The mood among Japanese businesses turned positive for the first time in two years and big firms revised up capital spending plans, a Bank of Japan survey showed, in a sign the export-driven economic recovery is taking hold.
The survey for the three months to June showed Europe's sovereign debt woes and the sharp appreciation in the yen that followed have not yet taken a toll as Japanese companies benefit from solid exports to Asia.
Overall, the tankan survey shows better corporate sentiment, especially among big manufacturers, who have raised their outlook, but it still leaves some elements of concern. The survey does not paint an entirely optimistic view for the economy, said Ayako Sera, a market strategist at Sumitomo Trust & Banking.
The headline index measuring big manufacturers' sentiment improved 15 points to plus 1 in June, the BOJ's closely watched tankan quarterly survey showed on Thursday. That was higher than a median market forecast of minus 4 and was the fifth consecutive quarter of improvement.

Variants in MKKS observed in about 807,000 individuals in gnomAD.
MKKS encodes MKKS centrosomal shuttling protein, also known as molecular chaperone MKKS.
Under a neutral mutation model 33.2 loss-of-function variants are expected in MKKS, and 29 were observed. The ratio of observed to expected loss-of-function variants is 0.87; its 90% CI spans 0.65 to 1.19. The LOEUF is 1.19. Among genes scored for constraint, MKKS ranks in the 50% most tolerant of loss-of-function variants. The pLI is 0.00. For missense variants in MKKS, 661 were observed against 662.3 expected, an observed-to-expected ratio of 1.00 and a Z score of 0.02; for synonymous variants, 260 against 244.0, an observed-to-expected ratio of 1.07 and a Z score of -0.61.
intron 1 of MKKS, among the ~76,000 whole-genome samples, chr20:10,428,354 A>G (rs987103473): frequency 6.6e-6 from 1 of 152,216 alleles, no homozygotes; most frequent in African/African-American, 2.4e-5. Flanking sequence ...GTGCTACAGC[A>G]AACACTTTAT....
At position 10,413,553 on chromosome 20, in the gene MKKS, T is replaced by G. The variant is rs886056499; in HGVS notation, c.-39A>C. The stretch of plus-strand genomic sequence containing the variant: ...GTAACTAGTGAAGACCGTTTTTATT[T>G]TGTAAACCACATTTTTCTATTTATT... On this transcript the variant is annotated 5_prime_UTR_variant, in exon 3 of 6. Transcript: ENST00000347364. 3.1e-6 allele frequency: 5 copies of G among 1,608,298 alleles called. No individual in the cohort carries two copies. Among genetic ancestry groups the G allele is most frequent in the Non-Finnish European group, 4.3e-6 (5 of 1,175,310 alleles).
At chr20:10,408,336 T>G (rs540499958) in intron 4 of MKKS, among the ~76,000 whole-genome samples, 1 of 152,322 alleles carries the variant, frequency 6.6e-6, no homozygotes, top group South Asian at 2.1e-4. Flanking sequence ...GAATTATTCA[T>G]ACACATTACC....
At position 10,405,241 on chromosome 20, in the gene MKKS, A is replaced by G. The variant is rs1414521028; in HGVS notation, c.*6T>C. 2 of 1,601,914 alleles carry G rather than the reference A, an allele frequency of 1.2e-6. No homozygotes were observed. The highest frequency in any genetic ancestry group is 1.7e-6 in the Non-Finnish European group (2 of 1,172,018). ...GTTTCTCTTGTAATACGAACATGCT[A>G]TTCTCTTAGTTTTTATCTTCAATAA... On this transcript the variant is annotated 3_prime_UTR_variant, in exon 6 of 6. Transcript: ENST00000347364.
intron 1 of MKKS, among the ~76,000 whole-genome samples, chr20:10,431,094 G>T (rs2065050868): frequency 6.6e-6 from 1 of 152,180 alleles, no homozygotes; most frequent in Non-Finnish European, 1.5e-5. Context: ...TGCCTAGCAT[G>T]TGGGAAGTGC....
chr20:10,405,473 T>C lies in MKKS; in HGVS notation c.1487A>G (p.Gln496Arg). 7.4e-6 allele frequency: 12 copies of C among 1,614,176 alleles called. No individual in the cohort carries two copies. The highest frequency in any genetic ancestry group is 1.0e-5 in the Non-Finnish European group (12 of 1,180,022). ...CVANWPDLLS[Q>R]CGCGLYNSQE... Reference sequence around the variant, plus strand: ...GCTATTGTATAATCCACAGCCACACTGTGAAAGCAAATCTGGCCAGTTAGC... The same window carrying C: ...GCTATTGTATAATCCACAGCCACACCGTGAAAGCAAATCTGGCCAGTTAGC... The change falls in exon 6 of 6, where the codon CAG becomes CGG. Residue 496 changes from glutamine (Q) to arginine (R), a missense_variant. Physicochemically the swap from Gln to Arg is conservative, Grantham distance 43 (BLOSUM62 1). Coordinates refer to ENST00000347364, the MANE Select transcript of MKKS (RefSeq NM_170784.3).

The index for September was seen at plus 3, showing firms expect conditions to improve further over the next three months.
In a sign the recovery was broadening, the survey showed big firms expect to increase capital spending by 4.4 percent for the year that started in April.
While that was smaller than the 4.9 percent rise forecast by economists, it was an improvement over the previous tankan that showed companies planned to cut spending by 0.4 percent. In the previous year that ended in March, big firms cut capital spending by 17 percent.
Japan's first-quarter economic growth outpaced that of the United States and Europe on solid exports to Asia. The rebound in exports has led to a bottoming out in capital spending.
But falling shipments and rising inventory in May signaled the benefits of a rebound in exports may be moderating. Analysts say growth will likely slow this year as the impact of subsidies on energy-efficient goods fades.
The sentiment indexes are derived by subtracting the percentage of respondents who say conditions are poor from those who say they are good. Negative readings mean pessimists outnumber optimists.
(Additional reporting by Rie Ishiguro; Editing by Michael Watson)